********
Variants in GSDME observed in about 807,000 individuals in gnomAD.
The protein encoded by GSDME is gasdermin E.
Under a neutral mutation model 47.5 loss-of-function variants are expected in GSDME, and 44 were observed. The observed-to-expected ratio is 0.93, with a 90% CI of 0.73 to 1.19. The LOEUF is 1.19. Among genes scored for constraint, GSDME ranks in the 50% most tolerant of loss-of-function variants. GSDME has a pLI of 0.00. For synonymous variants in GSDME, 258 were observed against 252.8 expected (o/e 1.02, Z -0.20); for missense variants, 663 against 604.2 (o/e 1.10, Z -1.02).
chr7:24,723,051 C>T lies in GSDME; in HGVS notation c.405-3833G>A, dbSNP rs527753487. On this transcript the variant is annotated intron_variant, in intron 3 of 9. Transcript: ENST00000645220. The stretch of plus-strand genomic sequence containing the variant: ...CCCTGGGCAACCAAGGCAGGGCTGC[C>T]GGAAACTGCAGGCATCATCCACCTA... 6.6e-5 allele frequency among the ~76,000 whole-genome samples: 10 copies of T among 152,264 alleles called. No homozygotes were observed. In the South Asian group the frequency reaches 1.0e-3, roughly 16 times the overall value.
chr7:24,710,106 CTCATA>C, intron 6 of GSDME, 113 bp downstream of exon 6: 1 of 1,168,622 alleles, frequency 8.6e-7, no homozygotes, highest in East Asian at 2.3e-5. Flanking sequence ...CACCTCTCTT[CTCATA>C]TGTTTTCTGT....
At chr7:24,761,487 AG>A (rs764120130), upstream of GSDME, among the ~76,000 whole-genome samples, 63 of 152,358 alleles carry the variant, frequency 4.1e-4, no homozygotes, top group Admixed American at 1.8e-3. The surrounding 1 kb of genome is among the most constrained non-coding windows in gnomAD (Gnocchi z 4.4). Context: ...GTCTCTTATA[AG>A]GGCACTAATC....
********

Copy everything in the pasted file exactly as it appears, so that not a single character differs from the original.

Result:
Variants in GSDME observed in about 807,000 individuals in gnomAD.
The protein encoded by GSDME is gasdermin E.
Under a neutral mutation model 47.5 loss-of-function variants are expected in GSDME, and 44 were observed. The observed-to-expected ratio is 0.93, with a 90% CI of 0.73 to 1.19. The LOEUF is 1.19. Among genes scored for constraint, GSDME ranks in the 50% most tolerant of loss-of-function variants. GSDME has a pLI of 0.00. For synonymous variants in GSDME, 258 were observed against 252.8 expected (o/e 1.02, Z -0.20); for missense variants, 663 against 604.2 (o/e 1.10, Z -1.02).
chr7:24,723,051 C>T lies in GSDME; in HGVS notation c.405-3833G>A, dbSNP rs527753487. On this transcript the variant is annotated intron_variant, in intron 3 of 9. Transcript: ENST00000645220. The stretch of plus-strand genomic sequence containing the variant: ...CCCTGGGCAACCAAGGCAGGGCTGC[C>T]GGAAACTGCAGGCATCATCCACCTA... 6.6e-5 allele frequency among the ~76,000 whole-genome samples: 10 copies of T among 152,264 alleles called. No homozygotes were observed. In the South Asian group the frequency reaches 1.0e-3, roughly 16 times the overall value.
chr7:24,710,106 CTCATA>C, intron 6 of GSDME, 113 bp downstream of exon 6: 1 of 1,168,622 alleles, frequency 8.6e-7, no homozygotes, highest in East Asian at 2.3e-5. Flanking sequence ...CACCTCTCTT[CTCATA>C]TGTTTTCTGT....
At chr7:24,761,487 AG>A (rs764120130), upstream of GSDME, among the ~76,000 whole-genome samples, 63 of 152,358 alleles carry the variant, frequency 4.1e-4, no homozygotes, top group Admixed American at 1.8e-3. The surrounding 1 kb of genome is among the most constrained non-coding windows in gnomAD (Gnocchi z 4.4). Context: ...GTCTCTTATA[AG>A]GGCACTAATC....